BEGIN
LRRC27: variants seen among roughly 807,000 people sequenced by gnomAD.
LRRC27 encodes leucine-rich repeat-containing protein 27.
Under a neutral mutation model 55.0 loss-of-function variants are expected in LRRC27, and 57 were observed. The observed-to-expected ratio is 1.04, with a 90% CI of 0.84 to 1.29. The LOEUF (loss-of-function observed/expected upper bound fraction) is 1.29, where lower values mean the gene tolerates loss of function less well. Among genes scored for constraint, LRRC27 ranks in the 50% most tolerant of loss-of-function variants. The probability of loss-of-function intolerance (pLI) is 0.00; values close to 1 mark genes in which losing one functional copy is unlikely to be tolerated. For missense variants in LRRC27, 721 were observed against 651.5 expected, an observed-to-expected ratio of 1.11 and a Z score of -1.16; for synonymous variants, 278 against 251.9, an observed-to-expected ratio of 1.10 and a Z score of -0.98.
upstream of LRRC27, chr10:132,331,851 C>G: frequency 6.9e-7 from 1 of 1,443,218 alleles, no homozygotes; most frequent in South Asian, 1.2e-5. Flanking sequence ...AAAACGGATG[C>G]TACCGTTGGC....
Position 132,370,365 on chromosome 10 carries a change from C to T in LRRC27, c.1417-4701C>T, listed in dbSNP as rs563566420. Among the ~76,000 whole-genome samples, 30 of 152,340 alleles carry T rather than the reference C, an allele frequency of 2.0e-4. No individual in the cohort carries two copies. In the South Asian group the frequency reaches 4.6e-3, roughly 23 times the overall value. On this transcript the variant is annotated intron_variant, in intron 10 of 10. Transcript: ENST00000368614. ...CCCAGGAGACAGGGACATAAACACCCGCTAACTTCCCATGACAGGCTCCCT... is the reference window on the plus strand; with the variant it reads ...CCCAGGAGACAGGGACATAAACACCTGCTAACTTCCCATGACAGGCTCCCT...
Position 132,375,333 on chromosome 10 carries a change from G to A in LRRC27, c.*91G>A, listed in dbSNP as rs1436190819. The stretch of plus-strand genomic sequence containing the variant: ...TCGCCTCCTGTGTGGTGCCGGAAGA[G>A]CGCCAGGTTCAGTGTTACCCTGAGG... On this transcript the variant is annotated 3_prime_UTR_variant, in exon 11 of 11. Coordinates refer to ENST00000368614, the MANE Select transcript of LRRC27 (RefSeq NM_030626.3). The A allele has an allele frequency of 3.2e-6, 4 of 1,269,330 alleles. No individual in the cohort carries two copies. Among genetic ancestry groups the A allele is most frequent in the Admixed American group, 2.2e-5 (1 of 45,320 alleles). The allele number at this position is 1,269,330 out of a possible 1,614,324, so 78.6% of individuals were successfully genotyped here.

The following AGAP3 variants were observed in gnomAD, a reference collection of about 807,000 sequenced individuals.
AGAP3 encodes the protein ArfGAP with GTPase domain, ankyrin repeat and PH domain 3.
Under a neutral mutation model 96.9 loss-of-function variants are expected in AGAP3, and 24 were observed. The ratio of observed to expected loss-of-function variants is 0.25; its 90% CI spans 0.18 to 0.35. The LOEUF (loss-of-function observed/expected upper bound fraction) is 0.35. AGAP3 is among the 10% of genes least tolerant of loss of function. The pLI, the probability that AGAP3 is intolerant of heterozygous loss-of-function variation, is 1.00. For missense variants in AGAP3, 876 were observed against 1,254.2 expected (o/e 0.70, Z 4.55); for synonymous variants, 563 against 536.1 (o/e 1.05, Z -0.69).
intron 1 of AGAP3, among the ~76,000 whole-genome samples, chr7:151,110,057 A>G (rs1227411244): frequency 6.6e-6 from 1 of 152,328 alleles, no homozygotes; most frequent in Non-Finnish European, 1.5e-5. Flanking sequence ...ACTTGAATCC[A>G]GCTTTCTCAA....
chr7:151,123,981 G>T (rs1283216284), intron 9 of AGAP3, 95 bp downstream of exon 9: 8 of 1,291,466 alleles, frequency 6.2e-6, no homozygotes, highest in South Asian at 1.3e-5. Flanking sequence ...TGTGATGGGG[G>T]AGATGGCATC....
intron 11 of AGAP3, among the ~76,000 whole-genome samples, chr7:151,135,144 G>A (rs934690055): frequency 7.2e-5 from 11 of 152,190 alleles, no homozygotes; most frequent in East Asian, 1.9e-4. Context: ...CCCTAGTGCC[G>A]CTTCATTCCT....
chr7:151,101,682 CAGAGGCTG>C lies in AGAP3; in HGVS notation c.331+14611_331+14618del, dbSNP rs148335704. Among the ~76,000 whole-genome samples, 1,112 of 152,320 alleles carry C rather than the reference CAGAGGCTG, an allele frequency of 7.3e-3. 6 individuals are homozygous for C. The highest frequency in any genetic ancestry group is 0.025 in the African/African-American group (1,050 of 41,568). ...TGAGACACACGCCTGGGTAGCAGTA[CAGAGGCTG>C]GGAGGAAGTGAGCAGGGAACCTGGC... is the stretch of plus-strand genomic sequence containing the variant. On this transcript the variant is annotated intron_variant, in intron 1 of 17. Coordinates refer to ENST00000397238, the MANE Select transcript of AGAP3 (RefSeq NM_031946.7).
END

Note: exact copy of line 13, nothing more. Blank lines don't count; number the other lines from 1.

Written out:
chr7:151,101,682 CAGAGGCTG>C lies in AGAP3; in HGVS notation c.331+14611_331+14618del, dbSNP rs148335704. Among the ~76,000 whole-genome samples, 1,112 of 152,320 alleles carry C rather than the reference CAGAGGCTG, an allele frequency of 7.3e-3. 6 individuals are homozygous for C. The highest frequency in any genetic ancestry group is 0.025 in the African/African-American group (1,050 of 41,568). ...TGAGACACACGCCTGGGTAGCAGTA[CAGAGGCTG>C]GGAGGAAGTGAGCAGGGAACCTGGC... is the stretch of plus-strand genomic sequence containing the variant. On this transcript the variant is annotated intron_variant, in intron 1 of 17. Coordinates refer to ENST00000397238, the MANE Select transcript of AGAP3 (RefSeq NM_031946.7).